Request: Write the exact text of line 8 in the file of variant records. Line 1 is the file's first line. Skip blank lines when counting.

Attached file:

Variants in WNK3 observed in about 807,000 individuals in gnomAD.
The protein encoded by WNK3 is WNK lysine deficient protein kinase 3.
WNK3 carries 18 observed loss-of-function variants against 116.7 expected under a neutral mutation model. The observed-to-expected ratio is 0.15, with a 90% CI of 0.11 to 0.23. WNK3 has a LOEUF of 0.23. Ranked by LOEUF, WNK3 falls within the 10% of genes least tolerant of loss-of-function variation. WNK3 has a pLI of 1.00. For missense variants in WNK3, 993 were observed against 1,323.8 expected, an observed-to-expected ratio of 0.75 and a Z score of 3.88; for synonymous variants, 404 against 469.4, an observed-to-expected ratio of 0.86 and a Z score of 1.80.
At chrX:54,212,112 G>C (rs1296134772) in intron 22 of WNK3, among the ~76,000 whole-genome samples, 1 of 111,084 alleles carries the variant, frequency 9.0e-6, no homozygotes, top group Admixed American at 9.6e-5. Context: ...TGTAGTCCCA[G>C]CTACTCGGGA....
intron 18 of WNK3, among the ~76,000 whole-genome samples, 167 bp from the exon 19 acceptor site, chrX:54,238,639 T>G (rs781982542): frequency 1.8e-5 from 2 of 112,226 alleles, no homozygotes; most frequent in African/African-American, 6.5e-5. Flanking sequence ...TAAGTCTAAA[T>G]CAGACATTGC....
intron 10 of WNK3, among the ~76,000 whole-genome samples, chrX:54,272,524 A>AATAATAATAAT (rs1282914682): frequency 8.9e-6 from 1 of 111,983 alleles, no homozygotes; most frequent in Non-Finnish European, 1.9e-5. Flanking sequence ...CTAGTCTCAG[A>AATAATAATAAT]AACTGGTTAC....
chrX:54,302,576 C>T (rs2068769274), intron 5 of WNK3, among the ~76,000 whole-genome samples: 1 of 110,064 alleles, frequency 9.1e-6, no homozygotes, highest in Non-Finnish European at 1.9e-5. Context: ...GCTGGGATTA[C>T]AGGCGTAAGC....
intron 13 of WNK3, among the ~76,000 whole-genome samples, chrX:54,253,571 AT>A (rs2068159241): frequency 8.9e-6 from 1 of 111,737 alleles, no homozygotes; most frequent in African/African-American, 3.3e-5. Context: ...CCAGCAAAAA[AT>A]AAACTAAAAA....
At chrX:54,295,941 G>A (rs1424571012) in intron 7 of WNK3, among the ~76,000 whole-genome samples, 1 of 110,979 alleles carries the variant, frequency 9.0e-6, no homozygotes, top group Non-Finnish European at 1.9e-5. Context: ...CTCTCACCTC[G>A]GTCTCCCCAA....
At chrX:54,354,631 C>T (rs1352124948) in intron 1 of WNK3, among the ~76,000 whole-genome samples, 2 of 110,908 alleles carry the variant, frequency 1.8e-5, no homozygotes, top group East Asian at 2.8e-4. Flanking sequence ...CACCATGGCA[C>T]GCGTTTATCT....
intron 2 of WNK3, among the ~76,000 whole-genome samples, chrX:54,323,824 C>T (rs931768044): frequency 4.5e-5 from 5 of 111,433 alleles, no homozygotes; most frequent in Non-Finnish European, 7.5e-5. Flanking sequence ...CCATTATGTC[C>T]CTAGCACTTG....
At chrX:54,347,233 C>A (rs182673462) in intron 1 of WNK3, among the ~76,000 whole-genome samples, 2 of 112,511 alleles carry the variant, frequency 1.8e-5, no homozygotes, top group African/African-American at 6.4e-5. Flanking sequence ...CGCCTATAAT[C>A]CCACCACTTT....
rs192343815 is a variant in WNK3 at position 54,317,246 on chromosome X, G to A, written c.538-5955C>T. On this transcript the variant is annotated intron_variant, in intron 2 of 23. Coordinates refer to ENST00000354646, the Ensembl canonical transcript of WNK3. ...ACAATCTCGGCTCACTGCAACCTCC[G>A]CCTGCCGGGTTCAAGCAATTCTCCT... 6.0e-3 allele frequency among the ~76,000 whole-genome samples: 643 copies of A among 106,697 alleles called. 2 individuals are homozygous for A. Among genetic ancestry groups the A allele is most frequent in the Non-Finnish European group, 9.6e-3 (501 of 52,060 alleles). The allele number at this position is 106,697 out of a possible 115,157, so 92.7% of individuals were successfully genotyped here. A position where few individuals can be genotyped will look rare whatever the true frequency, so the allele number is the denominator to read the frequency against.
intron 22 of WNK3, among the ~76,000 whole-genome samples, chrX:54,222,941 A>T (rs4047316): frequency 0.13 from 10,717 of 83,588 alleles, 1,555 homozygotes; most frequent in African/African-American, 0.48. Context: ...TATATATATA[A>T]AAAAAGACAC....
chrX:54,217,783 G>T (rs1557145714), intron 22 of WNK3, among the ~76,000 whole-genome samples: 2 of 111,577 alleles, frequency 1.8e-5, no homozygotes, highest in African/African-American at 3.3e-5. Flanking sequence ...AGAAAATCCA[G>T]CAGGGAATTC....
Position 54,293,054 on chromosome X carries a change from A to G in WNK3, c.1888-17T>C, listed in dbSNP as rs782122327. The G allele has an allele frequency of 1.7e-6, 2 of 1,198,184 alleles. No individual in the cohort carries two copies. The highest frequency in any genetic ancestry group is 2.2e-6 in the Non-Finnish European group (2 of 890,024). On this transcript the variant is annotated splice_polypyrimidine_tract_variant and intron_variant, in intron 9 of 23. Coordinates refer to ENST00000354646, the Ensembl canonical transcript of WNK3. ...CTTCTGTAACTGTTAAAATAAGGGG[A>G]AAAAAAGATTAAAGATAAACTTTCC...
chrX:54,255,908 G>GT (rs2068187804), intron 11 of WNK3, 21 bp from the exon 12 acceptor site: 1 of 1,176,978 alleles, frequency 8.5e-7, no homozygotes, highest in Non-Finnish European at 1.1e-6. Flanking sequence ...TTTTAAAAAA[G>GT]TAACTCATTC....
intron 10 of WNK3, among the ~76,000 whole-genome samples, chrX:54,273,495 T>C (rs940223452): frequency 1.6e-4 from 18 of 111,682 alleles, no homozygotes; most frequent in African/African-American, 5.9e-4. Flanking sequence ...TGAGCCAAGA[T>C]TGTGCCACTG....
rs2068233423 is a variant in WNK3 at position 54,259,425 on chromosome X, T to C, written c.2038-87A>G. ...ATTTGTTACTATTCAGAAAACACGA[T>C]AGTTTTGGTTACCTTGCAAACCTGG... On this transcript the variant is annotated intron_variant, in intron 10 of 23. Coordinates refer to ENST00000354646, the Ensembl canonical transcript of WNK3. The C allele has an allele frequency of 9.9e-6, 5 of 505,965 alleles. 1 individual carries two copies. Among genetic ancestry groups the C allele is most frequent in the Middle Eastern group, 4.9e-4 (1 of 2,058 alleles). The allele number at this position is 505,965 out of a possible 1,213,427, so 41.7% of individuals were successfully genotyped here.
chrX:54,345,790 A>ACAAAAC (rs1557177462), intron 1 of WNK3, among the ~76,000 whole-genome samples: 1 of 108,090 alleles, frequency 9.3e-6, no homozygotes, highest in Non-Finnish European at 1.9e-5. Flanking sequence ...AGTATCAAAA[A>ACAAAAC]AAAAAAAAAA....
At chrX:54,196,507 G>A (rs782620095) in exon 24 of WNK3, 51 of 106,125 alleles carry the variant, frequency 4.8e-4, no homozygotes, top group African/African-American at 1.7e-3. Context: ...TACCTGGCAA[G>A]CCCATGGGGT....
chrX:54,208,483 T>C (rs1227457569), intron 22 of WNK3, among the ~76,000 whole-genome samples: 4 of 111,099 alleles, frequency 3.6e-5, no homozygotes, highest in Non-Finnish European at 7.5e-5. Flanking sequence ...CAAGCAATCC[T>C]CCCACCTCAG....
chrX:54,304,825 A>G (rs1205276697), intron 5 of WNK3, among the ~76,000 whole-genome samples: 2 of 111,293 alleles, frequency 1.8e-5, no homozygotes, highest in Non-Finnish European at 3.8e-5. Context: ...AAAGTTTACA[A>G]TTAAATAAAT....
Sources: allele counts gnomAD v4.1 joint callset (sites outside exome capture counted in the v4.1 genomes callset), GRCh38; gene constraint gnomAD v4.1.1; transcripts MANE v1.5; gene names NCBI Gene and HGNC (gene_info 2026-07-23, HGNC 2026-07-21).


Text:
intron 13 of WNK3, among the ~76,000 whole-genome samples, chrX:54,253,571 AT>A (rs2068159241): frequency 8.9e-6 from 1 of 111,737 alleles, no homozygotes; most frequent in African/African-American, 3.3e-5. Context: ...CCAGCAAAAA[AT>A]AAACTAAAAA....